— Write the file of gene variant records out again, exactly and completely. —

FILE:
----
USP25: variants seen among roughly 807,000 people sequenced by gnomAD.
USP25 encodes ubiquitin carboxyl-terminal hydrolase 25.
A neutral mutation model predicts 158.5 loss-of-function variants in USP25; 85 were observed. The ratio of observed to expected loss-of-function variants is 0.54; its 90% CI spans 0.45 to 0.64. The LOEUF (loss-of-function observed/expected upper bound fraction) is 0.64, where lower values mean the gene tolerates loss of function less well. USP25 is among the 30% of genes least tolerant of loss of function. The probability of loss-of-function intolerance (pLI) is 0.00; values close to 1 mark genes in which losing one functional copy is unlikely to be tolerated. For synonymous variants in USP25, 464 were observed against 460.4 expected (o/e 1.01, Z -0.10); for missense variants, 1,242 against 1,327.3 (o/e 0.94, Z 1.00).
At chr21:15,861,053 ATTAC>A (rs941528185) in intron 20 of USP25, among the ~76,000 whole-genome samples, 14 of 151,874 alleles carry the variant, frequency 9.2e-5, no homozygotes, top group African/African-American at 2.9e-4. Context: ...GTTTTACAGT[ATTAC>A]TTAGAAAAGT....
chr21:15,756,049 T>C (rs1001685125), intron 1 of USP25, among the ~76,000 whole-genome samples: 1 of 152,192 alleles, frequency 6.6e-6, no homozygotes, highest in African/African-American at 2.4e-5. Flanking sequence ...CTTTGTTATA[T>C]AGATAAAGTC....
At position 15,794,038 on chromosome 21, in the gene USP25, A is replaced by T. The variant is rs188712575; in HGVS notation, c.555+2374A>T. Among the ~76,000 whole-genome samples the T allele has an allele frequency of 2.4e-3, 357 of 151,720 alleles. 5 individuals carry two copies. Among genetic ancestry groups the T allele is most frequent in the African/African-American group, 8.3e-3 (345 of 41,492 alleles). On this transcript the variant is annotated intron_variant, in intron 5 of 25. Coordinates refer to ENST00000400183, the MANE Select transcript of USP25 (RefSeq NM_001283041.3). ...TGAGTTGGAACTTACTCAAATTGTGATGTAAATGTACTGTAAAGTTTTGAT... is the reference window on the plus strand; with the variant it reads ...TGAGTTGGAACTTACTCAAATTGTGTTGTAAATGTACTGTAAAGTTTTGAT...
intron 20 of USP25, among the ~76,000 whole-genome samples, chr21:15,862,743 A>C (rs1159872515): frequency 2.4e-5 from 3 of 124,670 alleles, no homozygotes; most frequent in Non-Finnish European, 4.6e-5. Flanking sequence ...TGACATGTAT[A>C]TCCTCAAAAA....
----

USP25: variants seen among roughly 807,000 people sequenced by gnomAD.
USP25 encodes ubiquitin carboxyl-terminal hydrolase 25.
A neutral mutation model predicts 158.5 loss-of-function variants in USP25; 85 were observed. The ratio of observed to expected loss-of-function variants is 0.54; its 90% CI spans 0.45 to 0.64. The LOEUF (loss-of-function observed/expected upper bound fraction) is 0.64, where lower values mean the gene tolerates loss of function less well. USP25 is among the 30% of genes least tolerant of loss of function. The probability of loss-of-function intolerance (pLI) is 0.00; values close to 1 mark genes in which losing one functional copy is unlikely to be tolerated. For synonymous variants in USP25, 464 were observed against 460.4 expected (o/e 1.01, Z -0.10); for missense variants, 1,242 against 1,327.3 (o/e 0.94, Z 1.00).
At chr21:15,861,053 ATTAC>A (rs941528185) in intron 20 of USP25, among the ~76,000 whole-genome samples, 14 of 151,874 alleles carry the variant, frequency 9.2e-5, no homozygotes, top group African/African-American at 2.9e-4. Context: ...GTTTTACAGT[ATTAC>A]TTAGAAAAGT....
chr21:15,756,049 T>C (rs1001685125), intron 1 of USP25, among the ~76,000 whole-genome samples: 1 of 152,192 alleles, frequency 6.6e-6, no homozygotes, highest in African/African-American at 2.4e-5. Flanking sequence ...CTTTGTTATA[T>C]AGATAAAGTC....
At position 15,794,038 on chromosome 21, in the gene USP25, A is replaced by T. The variant is rs188712575; in HGVS notation, c.555+2374A>T. Among the ~76,000 whole-genome samples the T allele has an allele frequency of 2.4e-3, 357 of 151,720 alleles. 5 individuals carry two copies. Among genetic ancestry groups the T allele is most frequent in the African/African-American group, 8.3e-3 (345 of 41,492 alleles). On this transcript the variant is annotated intron_variant, in intron 5 of 25. Coordinates refer to ENST00000400183, the MANE Select transcript of USP25 (RefSeq NM_001283041.3). ...TGAGTTGGAACTTACTCAAATTGTGATGTAAATGTACTGTAAAGTTTTGAT... is the reference window on the plus strand; with the variant it reads ...TGAGTTGGAACTTACTCAAATTGTGTTGTAAATGTACTGTAAAGTTTTGAT...
intron 20 of USP25, among the ~76,000 whole-genome samples, chr21:15,862,743 A>C (rs1159872515): frequency 2.4e-5 from 3 of 124,670 alleles, no homozygotes; most frequent in Non-Finnish European, 4.6e-5. Flanking sequence ...TGACATGTAT[A>C]TCCTCAAAAA....